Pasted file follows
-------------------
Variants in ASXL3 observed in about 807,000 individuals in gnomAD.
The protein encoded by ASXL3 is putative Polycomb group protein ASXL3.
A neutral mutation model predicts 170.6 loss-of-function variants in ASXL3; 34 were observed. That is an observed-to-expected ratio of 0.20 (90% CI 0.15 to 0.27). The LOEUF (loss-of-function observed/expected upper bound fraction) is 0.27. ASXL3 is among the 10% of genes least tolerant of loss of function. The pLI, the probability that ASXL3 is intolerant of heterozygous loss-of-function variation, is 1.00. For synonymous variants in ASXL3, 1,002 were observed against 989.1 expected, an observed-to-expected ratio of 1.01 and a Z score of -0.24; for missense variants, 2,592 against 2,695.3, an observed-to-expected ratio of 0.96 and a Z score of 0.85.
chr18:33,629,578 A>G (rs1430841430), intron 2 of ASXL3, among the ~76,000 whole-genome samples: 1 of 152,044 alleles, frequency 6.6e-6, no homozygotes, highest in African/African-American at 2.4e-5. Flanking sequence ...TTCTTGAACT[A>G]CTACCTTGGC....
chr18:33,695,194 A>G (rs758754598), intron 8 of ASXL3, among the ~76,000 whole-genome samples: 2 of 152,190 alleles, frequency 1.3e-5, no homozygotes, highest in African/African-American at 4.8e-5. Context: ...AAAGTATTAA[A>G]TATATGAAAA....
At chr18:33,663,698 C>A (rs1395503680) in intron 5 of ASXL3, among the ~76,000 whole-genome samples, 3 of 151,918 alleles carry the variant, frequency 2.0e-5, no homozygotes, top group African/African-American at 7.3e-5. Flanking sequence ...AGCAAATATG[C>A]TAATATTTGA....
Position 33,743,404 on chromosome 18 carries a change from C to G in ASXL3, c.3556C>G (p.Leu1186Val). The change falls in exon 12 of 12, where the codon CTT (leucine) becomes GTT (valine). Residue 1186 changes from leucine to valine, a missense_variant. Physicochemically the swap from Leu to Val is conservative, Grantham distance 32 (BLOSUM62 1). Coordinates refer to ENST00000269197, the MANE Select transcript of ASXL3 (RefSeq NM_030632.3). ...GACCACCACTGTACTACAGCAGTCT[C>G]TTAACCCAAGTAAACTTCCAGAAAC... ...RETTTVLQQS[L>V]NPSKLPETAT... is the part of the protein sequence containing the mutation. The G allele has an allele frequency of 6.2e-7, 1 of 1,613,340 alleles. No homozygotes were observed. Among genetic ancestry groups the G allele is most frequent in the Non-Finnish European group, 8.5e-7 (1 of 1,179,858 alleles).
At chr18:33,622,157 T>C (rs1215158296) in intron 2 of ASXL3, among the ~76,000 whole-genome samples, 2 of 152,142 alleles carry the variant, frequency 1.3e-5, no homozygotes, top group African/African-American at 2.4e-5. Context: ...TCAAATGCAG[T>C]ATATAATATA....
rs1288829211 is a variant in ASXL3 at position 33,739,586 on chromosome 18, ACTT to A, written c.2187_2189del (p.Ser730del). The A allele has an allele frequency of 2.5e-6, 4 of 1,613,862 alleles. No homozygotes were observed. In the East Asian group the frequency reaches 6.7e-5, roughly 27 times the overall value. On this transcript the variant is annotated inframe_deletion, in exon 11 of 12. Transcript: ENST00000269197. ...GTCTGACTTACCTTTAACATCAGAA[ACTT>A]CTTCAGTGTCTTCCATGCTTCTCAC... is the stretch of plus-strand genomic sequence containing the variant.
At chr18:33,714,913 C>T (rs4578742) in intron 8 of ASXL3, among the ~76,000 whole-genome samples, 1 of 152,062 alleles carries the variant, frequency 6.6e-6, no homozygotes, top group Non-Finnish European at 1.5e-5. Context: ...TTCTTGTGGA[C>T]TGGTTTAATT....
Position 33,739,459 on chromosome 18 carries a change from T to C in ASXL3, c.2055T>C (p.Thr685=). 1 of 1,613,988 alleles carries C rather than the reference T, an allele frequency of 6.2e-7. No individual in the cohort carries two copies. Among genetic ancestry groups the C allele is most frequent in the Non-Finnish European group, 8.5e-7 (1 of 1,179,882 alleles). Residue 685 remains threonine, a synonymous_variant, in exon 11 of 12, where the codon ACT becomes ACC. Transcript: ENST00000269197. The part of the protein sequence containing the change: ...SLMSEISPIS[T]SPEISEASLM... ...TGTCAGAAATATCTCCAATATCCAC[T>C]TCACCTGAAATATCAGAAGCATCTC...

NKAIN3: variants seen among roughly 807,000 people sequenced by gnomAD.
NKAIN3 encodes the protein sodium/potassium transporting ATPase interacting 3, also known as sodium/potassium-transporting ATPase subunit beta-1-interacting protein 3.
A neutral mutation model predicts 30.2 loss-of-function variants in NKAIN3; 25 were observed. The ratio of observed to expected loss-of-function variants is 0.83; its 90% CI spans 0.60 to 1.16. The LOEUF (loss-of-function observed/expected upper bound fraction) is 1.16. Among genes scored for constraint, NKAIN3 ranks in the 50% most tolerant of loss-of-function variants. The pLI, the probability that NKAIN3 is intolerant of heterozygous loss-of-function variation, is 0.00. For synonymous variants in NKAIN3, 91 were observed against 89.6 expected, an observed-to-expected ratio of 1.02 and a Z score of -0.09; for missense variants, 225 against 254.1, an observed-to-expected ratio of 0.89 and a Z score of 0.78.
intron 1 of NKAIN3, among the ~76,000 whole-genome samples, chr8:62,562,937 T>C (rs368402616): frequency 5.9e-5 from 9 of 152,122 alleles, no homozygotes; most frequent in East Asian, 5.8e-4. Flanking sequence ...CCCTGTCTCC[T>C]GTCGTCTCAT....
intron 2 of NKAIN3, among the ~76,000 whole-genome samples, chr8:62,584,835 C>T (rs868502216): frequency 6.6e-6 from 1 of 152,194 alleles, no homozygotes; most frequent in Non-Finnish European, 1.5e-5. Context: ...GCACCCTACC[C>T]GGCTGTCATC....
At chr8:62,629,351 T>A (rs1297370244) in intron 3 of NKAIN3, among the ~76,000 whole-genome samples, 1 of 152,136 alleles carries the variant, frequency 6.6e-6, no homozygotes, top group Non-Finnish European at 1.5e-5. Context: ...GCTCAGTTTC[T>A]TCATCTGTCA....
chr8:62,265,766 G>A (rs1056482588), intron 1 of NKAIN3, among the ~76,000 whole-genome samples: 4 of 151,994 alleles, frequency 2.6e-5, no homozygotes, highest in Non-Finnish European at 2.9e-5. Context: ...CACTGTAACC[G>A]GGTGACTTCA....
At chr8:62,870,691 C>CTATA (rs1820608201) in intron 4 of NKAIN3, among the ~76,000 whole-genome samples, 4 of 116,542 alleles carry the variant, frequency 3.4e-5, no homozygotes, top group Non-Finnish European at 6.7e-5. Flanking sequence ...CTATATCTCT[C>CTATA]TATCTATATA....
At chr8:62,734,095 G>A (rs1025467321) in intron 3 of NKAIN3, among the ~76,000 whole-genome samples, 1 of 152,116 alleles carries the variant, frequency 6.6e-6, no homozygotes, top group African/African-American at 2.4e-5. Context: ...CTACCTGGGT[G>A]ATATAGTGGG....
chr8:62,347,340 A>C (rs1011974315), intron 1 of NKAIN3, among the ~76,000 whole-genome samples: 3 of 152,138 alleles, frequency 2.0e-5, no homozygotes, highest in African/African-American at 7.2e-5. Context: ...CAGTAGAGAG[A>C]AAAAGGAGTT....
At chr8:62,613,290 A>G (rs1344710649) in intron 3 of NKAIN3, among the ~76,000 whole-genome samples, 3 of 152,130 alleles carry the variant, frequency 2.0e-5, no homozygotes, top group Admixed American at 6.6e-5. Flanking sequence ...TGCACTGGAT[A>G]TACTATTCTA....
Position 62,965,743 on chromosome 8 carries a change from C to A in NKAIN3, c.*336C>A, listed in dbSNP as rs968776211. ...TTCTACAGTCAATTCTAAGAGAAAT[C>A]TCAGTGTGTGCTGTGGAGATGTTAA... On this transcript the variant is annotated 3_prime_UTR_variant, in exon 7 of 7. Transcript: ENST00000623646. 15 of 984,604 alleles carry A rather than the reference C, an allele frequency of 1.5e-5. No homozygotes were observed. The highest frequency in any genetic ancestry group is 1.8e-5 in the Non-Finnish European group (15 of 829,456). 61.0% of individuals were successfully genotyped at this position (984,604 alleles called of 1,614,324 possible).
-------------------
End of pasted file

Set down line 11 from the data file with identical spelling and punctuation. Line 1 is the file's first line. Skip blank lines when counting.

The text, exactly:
Position 33,739,459 on chromosome 18 carries a change from T to C in ASXL3, c.2055T>C (p.Thr685=). 1 of 1,613,988 alleles carries C rather than the reference T, an allele frequency of 6.2e-7. No individual in the cohort carries two copies. Among genetic ancestry groups the C allele is most frequent in the Non-Finnish European group, 8.5e-7 (1 of 1,179,882 alleles). Residue 685 remains threonine, a synonymous_variant, in exon 11 of 12, where the codon ACT becomes ACC. Transcript: ENST00000269197. The part of the protein sequence containing the change: ...SLMSEISPIS[T]SPEISEASLM... ...TGTCAGAAATATCTCCAATATCCAC[T>C]TCACCTGAAATATCAGAAGCATCTC...